Startup Recovery Manager

Discussion in 'Acronis True Image Product Line' started by chattycathy, Nov 11, 2006.

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  1. chattycathy

    chattycathy Registered Member

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    I am using Acronis True Image 9 with Windows XP Professional Service Pack 2. Does the Startup Recovery Manager work like the Windows system restore feature? I have been searching online for an alternative to system restore and found this feature in this version. Does it work the same and if so, do you like it? Thanks!
     
  2. Ralphie

    Ralphie Registered Member

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    Though I've been using True Image for a number of years, I've yet to find the need for the Startup Recovery Manager.
    This may be a silly question, but what do you want TI to do for you?
     
  3. chattycathy

    chattycathy Registered Member

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    I want it to do the same as System Restore does for Windows XP. For example, if you should make some changes that did nothing but cause problems, with system restore, if you have a restore point before the changes were made, you can put Windows back to before you made the changes. I'm looking for an alternative to System Restore other than Norton GoBack. Thanks for your time.
     
  4. TheWeaz

    TheWeaz Registered Member

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    If, for some reason, Windows will not boot (and you don't have a recovery CD), you can use SRM to boot and perform a restore. That’s about it. SRM will not make backups for you or restore for you; it just give you access to TI.
     
  5. Ralphie

    Ralphie Registered Member

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    Nooooooo ... not GoBack! :D :D . True Image goes a lot deeper than System Restore. It's strength comes into play when your system has a catastrophic failure and would not boot. With TI you make a complete backup of the hard drive which you can recover in case of a disaster.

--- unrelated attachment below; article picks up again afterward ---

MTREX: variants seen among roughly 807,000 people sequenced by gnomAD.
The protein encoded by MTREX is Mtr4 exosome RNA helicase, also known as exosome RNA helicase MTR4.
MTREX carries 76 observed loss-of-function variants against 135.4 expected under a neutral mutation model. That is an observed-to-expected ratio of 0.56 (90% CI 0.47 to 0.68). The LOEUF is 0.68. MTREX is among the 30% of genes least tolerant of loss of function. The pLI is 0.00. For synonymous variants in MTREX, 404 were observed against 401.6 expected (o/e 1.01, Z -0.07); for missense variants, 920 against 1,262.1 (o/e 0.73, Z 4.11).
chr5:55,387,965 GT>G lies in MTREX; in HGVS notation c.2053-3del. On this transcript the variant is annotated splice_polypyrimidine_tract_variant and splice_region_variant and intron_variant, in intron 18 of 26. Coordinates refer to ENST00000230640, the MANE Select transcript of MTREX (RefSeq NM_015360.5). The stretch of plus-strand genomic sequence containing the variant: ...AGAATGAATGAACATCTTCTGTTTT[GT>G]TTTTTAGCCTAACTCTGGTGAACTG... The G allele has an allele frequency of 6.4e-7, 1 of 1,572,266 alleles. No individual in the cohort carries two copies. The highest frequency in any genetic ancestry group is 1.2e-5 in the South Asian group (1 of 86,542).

I don't have Windows Restore turned on. What I use instead is a little Free program called EruNT for exactly the scenario you describe. You run it before any new program you're going to install and if the install messes up, EruNT lets you put the Registry back to before the install. But it does mean that Windows still has to boot up, even into Safe mode would be okay.
     
  6. bVolk

    bVolk Registered Member

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    chattycathy,

    Here is how it goes with True Image.

    You regularly create whole system drive (or just system partition) images. These images will be normal files (with a .tib extension) that you will keep stored on another (internal or external) HD. When you need to rebuild a previous healthy state on the system partition, you invoke TI Recovery, select an image file created at the time you want to return to and restore it to the system drive. It's like with System Restore, except that TI rebuilds all the data on the system drive/partition, while System Restore rebuilds only particular files and is therefore not always successful. On the other hand, a TI restore may make you loose the personal data created after the image was taken, but there are ways to avoid that.

    You do not need Startup Recovery Manger to do the above. It's just a small shortcut in the restore procedure, but it has its drawbacks, therefore you should avoid it.
     
    Last edited: Nov 11, 2006
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